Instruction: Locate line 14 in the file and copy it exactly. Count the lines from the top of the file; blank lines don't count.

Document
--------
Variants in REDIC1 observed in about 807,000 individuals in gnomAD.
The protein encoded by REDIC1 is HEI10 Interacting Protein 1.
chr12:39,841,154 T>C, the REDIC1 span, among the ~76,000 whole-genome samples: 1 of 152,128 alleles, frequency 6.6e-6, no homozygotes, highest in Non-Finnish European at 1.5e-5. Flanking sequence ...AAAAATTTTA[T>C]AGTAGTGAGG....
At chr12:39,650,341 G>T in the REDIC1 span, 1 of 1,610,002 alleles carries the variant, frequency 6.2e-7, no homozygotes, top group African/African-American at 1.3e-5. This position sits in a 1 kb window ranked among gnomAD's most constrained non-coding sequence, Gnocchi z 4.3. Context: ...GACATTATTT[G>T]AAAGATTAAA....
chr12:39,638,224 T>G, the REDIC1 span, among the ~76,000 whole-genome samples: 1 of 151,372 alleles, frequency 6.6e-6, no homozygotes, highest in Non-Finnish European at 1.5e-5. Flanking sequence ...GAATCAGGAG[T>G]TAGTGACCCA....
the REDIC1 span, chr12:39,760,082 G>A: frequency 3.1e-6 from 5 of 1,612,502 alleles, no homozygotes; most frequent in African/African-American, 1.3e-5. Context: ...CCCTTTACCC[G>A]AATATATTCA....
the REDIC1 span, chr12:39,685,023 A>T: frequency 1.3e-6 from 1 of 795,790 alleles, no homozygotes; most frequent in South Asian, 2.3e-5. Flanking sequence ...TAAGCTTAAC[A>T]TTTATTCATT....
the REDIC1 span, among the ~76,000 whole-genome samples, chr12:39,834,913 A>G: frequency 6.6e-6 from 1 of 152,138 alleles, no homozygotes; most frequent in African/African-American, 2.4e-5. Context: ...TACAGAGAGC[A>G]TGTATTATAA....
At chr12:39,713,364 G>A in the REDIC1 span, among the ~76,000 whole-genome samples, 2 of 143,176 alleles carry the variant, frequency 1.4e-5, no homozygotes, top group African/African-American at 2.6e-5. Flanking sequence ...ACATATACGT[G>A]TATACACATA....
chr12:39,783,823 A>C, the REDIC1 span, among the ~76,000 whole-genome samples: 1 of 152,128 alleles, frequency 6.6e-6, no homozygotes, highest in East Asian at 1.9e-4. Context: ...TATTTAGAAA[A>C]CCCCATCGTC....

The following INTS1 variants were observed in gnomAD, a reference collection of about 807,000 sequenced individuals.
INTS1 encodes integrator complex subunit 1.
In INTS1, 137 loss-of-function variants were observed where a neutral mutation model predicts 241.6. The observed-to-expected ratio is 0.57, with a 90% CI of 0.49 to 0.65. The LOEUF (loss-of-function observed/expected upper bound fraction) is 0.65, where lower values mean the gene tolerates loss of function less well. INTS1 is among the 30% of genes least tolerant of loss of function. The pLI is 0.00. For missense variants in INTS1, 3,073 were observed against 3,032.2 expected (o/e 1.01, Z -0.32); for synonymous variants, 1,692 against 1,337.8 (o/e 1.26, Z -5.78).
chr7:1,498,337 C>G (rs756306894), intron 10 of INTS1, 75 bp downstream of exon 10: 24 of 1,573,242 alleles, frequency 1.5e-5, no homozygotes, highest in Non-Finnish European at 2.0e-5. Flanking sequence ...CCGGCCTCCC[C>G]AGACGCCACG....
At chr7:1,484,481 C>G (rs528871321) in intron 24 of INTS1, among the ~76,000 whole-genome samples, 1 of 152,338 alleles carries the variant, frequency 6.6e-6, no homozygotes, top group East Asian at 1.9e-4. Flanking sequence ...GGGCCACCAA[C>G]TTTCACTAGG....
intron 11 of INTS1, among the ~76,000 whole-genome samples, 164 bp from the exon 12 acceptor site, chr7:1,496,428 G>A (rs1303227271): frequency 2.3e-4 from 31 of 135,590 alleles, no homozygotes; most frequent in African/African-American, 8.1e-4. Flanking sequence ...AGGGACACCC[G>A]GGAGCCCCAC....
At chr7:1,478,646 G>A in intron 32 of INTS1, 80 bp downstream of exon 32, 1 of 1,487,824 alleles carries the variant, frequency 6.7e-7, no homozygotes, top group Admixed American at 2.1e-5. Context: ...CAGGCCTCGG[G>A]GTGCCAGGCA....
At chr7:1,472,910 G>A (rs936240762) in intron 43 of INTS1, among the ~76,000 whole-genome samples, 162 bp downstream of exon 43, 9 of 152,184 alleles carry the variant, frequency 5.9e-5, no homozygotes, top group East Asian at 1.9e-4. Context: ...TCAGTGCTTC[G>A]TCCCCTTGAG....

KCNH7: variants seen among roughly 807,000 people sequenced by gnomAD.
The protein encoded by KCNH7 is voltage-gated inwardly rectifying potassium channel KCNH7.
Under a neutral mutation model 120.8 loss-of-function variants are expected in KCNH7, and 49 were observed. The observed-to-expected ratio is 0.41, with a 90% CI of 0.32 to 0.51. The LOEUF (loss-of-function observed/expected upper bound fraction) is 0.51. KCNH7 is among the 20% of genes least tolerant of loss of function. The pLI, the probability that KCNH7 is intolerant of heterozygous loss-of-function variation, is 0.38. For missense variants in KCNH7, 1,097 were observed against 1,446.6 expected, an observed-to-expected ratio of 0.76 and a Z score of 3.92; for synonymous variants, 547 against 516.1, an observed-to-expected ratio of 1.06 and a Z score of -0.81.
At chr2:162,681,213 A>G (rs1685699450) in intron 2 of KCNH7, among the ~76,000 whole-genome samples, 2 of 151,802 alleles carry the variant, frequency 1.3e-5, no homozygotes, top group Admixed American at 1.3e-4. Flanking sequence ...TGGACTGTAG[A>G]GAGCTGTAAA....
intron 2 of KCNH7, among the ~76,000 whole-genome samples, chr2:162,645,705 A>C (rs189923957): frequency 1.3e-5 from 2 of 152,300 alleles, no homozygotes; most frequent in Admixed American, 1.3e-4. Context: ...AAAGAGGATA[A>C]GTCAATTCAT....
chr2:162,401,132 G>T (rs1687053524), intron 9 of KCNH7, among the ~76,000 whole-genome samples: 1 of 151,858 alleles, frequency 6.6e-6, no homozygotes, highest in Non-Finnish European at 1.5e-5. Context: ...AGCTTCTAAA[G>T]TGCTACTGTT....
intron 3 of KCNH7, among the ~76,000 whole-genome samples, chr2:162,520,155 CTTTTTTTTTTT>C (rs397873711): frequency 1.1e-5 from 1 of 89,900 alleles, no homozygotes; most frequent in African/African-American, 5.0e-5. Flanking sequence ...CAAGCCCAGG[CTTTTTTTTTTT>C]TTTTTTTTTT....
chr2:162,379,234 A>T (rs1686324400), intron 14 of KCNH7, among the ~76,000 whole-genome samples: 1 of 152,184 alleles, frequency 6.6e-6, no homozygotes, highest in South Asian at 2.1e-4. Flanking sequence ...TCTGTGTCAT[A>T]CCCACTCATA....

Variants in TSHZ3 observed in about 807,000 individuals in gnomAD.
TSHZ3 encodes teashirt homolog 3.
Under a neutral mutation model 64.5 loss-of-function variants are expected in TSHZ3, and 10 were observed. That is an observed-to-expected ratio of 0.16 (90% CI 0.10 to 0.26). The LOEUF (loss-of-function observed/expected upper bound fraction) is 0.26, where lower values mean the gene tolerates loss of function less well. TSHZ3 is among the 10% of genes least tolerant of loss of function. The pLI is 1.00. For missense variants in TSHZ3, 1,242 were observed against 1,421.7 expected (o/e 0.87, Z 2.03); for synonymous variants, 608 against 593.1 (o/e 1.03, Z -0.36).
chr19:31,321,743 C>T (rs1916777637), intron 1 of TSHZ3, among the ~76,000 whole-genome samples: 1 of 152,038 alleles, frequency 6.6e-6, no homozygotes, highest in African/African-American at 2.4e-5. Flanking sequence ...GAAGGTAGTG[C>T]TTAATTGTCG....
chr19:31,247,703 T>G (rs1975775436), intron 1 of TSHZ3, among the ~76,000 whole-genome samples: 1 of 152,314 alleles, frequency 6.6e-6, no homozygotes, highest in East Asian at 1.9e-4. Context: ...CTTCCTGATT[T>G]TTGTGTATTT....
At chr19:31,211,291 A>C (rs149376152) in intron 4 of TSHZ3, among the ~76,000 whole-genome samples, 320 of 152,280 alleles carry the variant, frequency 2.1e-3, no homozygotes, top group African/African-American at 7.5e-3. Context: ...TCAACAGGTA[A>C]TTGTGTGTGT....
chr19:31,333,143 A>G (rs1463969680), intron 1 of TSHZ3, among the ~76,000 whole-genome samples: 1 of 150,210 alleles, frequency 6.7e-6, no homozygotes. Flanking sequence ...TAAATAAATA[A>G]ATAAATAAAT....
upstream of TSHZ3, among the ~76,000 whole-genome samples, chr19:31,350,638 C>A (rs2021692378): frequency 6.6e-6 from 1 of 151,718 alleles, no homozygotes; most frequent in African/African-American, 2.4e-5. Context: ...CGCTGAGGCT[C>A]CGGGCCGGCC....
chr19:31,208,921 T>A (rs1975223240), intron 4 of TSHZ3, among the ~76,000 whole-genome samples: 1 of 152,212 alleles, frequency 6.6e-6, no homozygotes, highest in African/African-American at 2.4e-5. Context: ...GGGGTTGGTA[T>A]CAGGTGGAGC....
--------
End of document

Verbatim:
chr7:1,498,337 C>G (rs756306894), intron 10 of INTS1, 75 bp downstream of exon 10: 24 of 1,573,242 alleles, frequency 1.5e-5, no homozygotes, highest in Non-Finnish European at 2.0e-5. Flanking sequence ...CCGGCCTCCC[C>G]AGACGCCACG....